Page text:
For a time, WCZY also simulcast its programming again on AM 1500 (WLQV-AM, which once again changed its calls to WCZY-AM, with the station I.D.-ing as "Z95.5 and AM 1500") as part of a ploy to "return Dick Purtan to the AM dial." It lasted only a few years before AM 1500 returned to its previous religious format as WLQV.
In April 1987, Sky Broadcasting bought WCZY (the AM would be sold to Satellite Radio Network); in turn, Broadcasting Partners bought the station two years later.
Despite Z95.5's high ratings, the station still wanted to attract more older listeners in the hope of attracting more advertising dollars, and so on July 20, 1989, WCZY changed its calls and moniker to WKQI, "Q95," dropped hard rock and rap from its playlist, and added more gold from the 1970s and 1980s. Detroit based AC radio consultant Gary Berkowitz was the original Q95 program director, which also included (in addition to Dick Purtan) air personalities Kevin O'Neill and Michael Waite (formerly of rival WHYT).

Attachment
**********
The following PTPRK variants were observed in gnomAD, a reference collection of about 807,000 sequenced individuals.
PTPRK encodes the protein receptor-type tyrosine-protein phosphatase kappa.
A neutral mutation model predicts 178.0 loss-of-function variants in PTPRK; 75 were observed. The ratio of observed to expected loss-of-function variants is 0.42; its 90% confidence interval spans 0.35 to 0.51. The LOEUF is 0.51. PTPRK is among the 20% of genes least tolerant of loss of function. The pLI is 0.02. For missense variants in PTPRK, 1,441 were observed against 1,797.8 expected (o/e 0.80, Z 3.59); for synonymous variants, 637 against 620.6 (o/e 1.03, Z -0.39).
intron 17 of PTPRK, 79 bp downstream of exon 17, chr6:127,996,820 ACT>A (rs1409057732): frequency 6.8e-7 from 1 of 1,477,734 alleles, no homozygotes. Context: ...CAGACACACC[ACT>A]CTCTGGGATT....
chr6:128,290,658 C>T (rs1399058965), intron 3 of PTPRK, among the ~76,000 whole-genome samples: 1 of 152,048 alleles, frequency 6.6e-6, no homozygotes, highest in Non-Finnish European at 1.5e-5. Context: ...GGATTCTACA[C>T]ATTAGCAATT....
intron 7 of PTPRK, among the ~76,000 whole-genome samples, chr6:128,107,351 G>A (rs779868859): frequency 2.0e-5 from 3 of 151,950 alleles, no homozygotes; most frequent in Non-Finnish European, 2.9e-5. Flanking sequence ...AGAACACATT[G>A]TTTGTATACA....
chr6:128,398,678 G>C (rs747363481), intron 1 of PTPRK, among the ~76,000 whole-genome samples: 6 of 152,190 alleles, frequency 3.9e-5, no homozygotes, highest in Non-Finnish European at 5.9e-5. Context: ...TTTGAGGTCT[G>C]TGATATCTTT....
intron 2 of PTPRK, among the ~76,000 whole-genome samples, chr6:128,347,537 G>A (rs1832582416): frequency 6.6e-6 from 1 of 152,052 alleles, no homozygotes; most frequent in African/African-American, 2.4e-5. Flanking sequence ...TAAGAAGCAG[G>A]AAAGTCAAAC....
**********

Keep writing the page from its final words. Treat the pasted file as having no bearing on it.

Q95 started as an Adult CHR, but by late 1990, had shifted to mainstream adult contemporary to challenge incumbent AC outlets WNIC and WLTI (who would later flip to Top 40 and become WKQI's CHR arch-rival as WDRQ). The station's ratings continued to be respectable throughout the 1990s. Dick Purtan was an investor in the new station and stayed on as WKQI's morning host until March 1996, when he left for WOMC.
Following Purtan's departure, WKQI became "Q95-5, Detroit's Continuous Hit Music Station," hired former Partridge Family star Danny Bonaduce as the morning show host, and shifted back to an Adult CHR presentation, adding alternative-pop artists such as Alanis Morissette, Sarah McLachlan, Joan Osborne, Live, and The BoDeans, which the station had not played previously. For most of the late 1990s, WKQI was a heavily dayparted station, being a fairly conservative Hot AC during the day but taking more of a CHR approach at night, while still shying away from most urban music and rap except for artists with mainstream pop appeal such as Will Smith, Toni Braxton, and Ghost Town DJs.
Ownership would also change a few times during the 1990s; Evergreen Media would buy out Broadcasting Partners in May 1995, with Chancellor buying out Evergreen in 1997. Chancellor, in turn, would merge with Capstar to form AMFM, Inc. in 1999.